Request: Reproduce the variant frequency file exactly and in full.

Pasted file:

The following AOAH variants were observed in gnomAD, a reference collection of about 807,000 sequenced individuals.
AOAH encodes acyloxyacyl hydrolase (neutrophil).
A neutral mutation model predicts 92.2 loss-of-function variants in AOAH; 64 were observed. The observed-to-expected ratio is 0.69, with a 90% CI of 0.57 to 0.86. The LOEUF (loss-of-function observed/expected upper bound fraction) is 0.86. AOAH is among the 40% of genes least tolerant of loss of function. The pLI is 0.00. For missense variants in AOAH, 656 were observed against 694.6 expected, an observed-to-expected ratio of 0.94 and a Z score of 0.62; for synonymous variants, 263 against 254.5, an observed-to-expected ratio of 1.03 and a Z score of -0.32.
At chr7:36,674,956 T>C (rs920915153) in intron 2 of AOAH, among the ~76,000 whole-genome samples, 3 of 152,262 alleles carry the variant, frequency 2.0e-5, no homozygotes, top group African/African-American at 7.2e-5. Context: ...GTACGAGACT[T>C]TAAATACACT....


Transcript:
The following AOAH variants were observed in gnomAD, a reference collection of about 807,000 sequenced individuals.
AOAH encodes acyloxyacyl hydrolase (neutrophil).
A neutral mutation model predicts 92.2 loss-of-function variants in AOAH; 64 were observed. The observed-to-expected ratio is 0.69, with a 90% CI of 0.57 to 0.86. The LOEUF (loss-of-function observed/expected upper bound fraction) is 0.86. AOAH is among the 40% of genes least tolerant of loss of function. The pLI is 0.00. For missense variants in AOAH, 656 were observed against 694.6 expected, an observed-to-expected ratio of 0.94 and a Z score of 0.62; for synonymous variants, 263 against 254.5, an observed-to-expected ratio of 1.03 and a Z score of -0.32.
At chr7:36,674,956 T>C (rs920915153) in intron 2 of AOAH, among the ~76,000 whole-genome samples, 3 of 152,262 alleles carry the variant, frequency 2.0e-5, no homozygotes, top group African/African-American at 7.2e-5. Context: ...GTACGAGACT[T>C]TAAATACACT....